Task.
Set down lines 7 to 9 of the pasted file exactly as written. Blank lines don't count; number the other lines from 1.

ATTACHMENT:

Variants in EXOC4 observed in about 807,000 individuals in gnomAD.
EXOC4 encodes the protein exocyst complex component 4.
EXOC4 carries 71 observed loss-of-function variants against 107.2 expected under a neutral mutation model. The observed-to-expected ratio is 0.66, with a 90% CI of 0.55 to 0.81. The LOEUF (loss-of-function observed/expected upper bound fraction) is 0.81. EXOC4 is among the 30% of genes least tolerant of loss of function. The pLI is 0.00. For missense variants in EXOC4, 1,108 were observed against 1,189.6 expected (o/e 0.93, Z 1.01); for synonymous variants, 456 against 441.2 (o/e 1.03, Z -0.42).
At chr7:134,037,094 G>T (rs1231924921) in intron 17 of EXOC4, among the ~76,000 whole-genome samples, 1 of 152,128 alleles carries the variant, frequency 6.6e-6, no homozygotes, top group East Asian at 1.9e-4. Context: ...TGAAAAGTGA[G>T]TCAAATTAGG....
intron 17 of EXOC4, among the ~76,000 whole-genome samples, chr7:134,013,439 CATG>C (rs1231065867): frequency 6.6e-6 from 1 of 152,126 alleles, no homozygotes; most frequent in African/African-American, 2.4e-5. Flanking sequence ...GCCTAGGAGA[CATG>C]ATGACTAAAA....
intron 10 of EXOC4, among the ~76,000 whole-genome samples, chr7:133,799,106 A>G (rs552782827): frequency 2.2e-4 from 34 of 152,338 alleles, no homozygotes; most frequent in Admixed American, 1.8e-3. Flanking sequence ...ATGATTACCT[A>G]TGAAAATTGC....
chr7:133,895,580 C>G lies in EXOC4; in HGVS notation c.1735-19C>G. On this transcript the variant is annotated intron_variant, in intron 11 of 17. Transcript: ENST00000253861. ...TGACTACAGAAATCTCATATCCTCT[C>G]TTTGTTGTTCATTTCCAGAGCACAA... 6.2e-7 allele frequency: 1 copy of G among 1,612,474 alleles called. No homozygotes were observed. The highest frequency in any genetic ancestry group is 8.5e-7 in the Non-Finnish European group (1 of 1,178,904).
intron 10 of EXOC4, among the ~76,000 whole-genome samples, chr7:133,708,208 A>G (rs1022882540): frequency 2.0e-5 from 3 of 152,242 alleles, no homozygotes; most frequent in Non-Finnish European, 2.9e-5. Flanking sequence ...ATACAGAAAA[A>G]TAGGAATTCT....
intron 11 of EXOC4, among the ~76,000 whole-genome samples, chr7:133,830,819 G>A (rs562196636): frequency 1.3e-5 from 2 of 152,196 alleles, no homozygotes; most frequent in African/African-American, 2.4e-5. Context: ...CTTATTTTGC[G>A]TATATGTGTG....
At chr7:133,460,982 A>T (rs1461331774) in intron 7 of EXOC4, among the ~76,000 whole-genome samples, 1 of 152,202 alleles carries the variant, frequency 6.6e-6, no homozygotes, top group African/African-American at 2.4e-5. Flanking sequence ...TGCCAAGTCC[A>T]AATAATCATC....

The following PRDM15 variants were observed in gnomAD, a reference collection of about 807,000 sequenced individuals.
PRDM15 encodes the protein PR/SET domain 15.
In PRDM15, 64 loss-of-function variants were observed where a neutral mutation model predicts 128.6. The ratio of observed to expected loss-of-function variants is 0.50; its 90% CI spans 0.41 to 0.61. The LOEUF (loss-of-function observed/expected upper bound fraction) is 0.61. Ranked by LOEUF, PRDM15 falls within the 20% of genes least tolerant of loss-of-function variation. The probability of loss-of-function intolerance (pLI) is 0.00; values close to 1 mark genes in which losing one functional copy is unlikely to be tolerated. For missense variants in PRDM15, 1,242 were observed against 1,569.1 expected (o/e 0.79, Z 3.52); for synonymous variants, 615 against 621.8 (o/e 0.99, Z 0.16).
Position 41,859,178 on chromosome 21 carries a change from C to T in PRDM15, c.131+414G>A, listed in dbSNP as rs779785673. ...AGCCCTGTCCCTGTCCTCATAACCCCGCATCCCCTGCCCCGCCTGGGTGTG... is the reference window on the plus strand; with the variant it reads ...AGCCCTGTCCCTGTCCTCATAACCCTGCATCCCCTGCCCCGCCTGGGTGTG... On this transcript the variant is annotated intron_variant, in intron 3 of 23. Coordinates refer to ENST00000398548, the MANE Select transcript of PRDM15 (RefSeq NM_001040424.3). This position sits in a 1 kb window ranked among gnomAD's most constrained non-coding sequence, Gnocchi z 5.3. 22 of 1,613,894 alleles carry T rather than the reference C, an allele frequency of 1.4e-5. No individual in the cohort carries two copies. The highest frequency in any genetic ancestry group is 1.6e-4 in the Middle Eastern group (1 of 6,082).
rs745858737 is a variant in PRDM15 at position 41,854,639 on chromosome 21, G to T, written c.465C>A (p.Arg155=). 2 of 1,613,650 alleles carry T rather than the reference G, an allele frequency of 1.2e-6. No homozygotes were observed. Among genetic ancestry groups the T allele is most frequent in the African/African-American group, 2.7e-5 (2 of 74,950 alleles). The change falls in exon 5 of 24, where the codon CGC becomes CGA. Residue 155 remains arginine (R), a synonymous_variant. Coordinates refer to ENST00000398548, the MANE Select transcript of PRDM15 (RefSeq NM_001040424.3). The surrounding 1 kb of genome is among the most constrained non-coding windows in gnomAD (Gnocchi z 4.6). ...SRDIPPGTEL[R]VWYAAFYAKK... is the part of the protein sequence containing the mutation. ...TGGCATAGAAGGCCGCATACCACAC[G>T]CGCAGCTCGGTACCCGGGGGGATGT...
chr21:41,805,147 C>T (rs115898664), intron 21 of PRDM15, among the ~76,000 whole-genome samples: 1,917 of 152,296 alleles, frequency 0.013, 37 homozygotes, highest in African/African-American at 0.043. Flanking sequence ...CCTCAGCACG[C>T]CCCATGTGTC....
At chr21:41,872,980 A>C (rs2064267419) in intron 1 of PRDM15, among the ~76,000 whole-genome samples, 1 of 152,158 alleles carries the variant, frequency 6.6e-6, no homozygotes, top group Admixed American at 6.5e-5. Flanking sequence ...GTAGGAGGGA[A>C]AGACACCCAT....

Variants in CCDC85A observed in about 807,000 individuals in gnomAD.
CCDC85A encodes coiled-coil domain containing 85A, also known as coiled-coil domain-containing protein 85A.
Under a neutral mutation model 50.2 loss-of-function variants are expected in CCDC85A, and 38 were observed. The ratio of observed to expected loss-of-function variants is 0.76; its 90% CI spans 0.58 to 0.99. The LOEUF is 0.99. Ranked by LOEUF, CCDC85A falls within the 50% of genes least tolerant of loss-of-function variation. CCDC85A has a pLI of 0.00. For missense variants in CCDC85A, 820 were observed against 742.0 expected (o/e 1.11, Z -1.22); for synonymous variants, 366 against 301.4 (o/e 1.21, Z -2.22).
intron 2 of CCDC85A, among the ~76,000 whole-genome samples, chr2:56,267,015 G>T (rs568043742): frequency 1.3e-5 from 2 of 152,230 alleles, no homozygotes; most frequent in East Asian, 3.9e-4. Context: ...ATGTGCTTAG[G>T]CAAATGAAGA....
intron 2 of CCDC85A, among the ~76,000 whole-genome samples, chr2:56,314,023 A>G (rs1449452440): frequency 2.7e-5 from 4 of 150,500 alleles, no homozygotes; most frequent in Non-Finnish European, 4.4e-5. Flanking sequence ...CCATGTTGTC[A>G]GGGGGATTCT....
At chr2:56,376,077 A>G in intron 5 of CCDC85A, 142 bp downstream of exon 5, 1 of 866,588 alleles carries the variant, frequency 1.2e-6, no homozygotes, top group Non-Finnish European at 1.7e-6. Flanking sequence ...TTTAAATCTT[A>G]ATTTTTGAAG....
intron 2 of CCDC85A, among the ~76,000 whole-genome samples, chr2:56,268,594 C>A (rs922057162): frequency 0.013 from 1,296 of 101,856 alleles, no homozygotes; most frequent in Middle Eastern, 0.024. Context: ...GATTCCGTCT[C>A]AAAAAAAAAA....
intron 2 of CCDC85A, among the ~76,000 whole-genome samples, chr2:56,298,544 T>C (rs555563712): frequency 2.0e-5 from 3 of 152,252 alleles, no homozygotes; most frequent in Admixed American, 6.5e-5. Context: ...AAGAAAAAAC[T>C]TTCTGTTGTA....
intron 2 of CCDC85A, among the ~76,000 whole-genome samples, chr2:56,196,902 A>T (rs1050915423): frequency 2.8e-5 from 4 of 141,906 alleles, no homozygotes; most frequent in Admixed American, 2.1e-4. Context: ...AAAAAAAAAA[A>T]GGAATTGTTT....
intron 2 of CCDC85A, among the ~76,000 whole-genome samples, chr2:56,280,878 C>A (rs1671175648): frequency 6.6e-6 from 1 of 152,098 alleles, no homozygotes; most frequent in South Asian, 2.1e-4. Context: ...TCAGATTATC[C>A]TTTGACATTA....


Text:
chr7:133,895,580 C>G lies in EXOC4; in HGVS notation c.1735-19C>G. On this transcript the variant is annotated intron_variant, in intron 11 of 17. Transcript: ENST00000253861. ...TGACTACAGAAATCTCATATCCTCT[C>G]TTTGTTGTTCATTTCCAGAGCACAA... 6.2e-7 allele frequency: 1 copy of G among 1,612,474 alleles called. No homozygotes were observed. The highest frequency in any genetic ancestry group is 8.5e-7 in the Non-Finnish European group (1 of 1,178,904).
intron 10 of EXOC4, among the ~76,000 whole-genome samples, chr7:133,708,208 A>G (rs1022882540): frequency 2.0e-5 from 3 of 152,242 alleles, no homozygotes; most frequent in Non-Finnish European, 2.9e-5. Flanking sequence ...ATACAGAAAA[A>G]TAGGAATTCT....
intron 11 of EXOC4, among the ~76,000 whole-genome samples, chr7:133,830,819 G>A (rs562196636): frequency 1.3e-5 from 2 of 152,196 alleles, no homozygotes; most frequent in African/African-American, 2.4e-5. Context: ...CTTATTTTGC[G>A]TATATGTGTG....